When a couple marries, the law governs the division of assets and liabilities in the event of divorce or death. Many individuals enter into a marriage with assets such as a business, brokerage account or retirement account. A common misconception is that premarital assets are protected if they remain titled in their name. However, that is not always the case.
A premarital agreement allows the couple to determine the distribution of assets and liabilities upon death or divorce.
In addition, a premarital agreement can be critical in resolving issues in the event the marriage ends in divorce or the death of a party.
However, the premarital agreement should be fair and have a mechanism for creating a marital estate. The concept of marriage is to form a partnership, and what is created together will be shared by both parties.
A premarital agreement that provides nothing for one of the spouses will cause negotiation difficulties and may result in the cancellation or postponement of the marriage. Therefore, a premarital agreement should be fair and prepared months before the wedding.
The Protection of Premarital Property
Property owned by a spouse before the marriage is classified as non-marital property.
However, if a spouse works in the business or actively trades the brokerage account, those efforts are marital, and any appreciation will be deemed marital. In other words, the increase in value of business or brokerage accounts during the marriage is subject to an equal division in the event of divorce and will be part of the estate in death.
Premarital Property appreciation can be excluded from the marital estate in a premarital agreement.
Protection of Income from Premarital Property
All earnings during the marriage are marital. Also, all property purchases with those earnings are marital assets regardless of how they are titled.
Additionally, if you place marital earnings into a premarital account, the commingling could result in the entire fund becoming marital and subject to equal division.
A premarital agreement can change earnings classification during the marriage, protect earnings, and eliminate the issue of commingling premarital accounts.
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Protection of Your Retirement Assets
If you enter marriage with a retirement account, the original funds and their passive appreciation will remain non-marital. But additional funds from your earnings that are deposited into a retirement account and the appreciation are marital.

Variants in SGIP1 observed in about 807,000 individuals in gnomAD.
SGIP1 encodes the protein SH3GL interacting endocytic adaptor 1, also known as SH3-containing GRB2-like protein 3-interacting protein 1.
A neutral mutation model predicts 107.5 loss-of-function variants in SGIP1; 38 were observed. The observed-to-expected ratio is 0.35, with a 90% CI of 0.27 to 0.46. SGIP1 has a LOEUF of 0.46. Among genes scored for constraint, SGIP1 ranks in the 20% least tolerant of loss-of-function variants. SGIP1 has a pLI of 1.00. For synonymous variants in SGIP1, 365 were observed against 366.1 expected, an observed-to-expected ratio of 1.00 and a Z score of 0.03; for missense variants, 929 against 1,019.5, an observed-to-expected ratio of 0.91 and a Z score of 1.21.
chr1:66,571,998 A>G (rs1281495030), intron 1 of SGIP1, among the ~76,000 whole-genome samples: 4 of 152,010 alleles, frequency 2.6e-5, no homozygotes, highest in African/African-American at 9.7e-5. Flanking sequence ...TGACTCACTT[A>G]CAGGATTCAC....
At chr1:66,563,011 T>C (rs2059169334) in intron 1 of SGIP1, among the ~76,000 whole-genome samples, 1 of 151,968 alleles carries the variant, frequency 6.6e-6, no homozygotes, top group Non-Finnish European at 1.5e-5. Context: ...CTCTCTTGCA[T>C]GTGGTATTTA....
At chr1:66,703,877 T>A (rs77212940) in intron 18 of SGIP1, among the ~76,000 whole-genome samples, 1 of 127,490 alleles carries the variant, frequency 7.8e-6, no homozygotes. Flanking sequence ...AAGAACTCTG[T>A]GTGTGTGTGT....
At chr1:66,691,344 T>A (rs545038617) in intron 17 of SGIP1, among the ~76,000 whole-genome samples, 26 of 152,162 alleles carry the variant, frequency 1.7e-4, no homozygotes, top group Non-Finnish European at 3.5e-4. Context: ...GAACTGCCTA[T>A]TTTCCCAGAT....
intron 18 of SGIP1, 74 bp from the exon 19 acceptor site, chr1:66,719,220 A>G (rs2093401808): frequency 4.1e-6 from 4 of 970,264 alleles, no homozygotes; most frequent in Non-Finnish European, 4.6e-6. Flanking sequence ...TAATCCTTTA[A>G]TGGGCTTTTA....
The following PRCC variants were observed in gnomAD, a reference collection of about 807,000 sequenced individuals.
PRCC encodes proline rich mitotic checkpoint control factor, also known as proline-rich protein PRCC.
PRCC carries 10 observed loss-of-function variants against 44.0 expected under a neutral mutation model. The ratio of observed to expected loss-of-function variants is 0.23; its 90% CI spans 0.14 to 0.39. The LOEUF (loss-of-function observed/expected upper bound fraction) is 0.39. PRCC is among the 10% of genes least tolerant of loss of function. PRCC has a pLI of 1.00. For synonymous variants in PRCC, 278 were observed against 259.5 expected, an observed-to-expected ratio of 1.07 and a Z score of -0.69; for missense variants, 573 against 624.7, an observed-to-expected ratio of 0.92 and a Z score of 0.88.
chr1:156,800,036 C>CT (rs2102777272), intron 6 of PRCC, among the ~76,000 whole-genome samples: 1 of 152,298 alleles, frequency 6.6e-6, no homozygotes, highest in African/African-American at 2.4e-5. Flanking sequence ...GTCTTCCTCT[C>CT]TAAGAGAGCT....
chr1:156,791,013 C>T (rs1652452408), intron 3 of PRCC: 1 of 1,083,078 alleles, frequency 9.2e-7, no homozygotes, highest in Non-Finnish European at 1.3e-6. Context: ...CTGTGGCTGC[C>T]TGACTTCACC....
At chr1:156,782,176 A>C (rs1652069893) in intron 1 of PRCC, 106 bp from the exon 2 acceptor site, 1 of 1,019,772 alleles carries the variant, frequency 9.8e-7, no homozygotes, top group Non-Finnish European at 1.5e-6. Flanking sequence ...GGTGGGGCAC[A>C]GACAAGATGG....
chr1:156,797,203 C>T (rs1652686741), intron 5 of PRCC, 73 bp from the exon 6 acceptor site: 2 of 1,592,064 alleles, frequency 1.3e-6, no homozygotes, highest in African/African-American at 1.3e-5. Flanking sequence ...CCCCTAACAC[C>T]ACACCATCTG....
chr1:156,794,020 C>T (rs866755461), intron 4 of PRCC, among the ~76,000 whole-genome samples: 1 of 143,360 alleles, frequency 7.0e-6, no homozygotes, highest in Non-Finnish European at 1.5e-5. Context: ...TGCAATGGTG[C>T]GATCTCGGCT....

In addition, if you die, your spouse has a claim to your retirement unless the spouse previously signed a waiver of any claim to your retirement. A premarital agreement can protect the entirety of your retirement account.
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Protection of Inherited Assets During the Marriage
Inherited assets can be protected if they remain in your name and you do not spend marital efforts on those assets. But if you inherit stock in a business that you are employed in, the increase in value of the business, which can be substantial, is classified as a marital asset. A premarital agreement can protect the income and appreciation of inherited assets during the
Waiver of Alimony
The laws provide for the support of a spouse if that spouse cannot support themselves, and the other spouse can pay for the support. When determining the amount of alimony, the court considers both marital and non-marital income and assets. Since one spouse is protecting their non-marital assets, this is a mechanism that the non-marital income and assets can use to provide support. Various forms of alimony determine the duration of the alimony payment.
Marriage over 17 years in Florida is eligible for permanent alimony, which is paid until remarriage or death of the recipient spouse. A premarital agreement can address the amount and duration of the alimony. Often the agreement contains a waiver of alimony but provides an agreed-upon amount of support or the awarding of assets to provide future support.
Seek A Lawyer
Most importantly, seek a lawyer with experience in preparing premarital agreements. A premarital agreement has various nuances and issues that require expertise in this area. The worst scenario is an unenforceable premarital agreement due to improper drafting.
This article does not cover all aspects of a premarital agreement but provides an outline of some protections in a premarital agreement.
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